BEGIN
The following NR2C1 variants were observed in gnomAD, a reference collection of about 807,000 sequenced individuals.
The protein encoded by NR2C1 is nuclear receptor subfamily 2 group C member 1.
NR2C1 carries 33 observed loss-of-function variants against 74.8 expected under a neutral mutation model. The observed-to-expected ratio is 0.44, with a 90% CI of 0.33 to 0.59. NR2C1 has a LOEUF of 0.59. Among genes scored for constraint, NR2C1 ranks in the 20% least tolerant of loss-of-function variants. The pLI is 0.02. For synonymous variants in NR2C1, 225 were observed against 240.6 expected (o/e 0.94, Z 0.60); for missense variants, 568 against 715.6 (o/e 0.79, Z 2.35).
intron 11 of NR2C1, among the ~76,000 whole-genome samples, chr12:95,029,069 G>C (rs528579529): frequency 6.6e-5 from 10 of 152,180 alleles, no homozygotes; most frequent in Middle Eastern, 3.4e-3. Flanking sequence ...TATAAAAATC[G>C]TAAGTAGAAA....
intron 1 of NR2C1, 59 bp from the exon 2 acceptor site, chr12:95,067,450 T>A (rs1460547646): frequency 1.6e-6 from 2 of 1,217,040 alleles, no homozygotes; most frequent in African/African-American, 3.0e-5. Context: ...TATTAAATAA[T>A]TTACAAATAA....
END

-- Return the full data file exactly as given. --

The following NR2C1 variants were observed in gnomAD, a reference collection of about 807,000 sequenced individuals.
The protein encoded by NR2C1 is nuclear receptor subfamily 2 group C member 1.
NR2C1 carries 33 observed loss-of-function variants against 74.8 expected under a neutral mutation model. The observed-to-expected ratio is 0.44, with a 90% CI of 0.33 to 0.59. NR2C1 has a LOEUF of 0.59. Among genes scored for constraint, NR2C1 ranks in the 20% least tolerant of loss-of-function variants. The pLI is 0.02. For synonymous variants in NR2C1, 225 were observed against 240.6 expected (o/e 0.94, Z 0.60); for missense variants, 568 against 715.6 (o/e 0.79, Z 2.35).
intron 11 of NR2C1, among the ~76,000 whole-genome samples, chr12:95,029,069 G>C (rs528579529): frequency 6.6e-5 from 10 of 152,180 alleles, no homozygotes; most frequent in Middle Eastern, 3.4e-3. Flanking sequence ...TATAAAAATC[G>C]TAAGTAGAAA....
intron 1 of NR2C1, 59 bp from the exon 2 acceptor site, chr12:95,067,450 T>A (rs1460547646): frequency 1.6e-6 from 2 of 1,217,040 alleles, no homozygotes; most frequent in African/African-American, 3.0e-5. Context: ...TATTAAATAA[T>A]TTACAAATAA....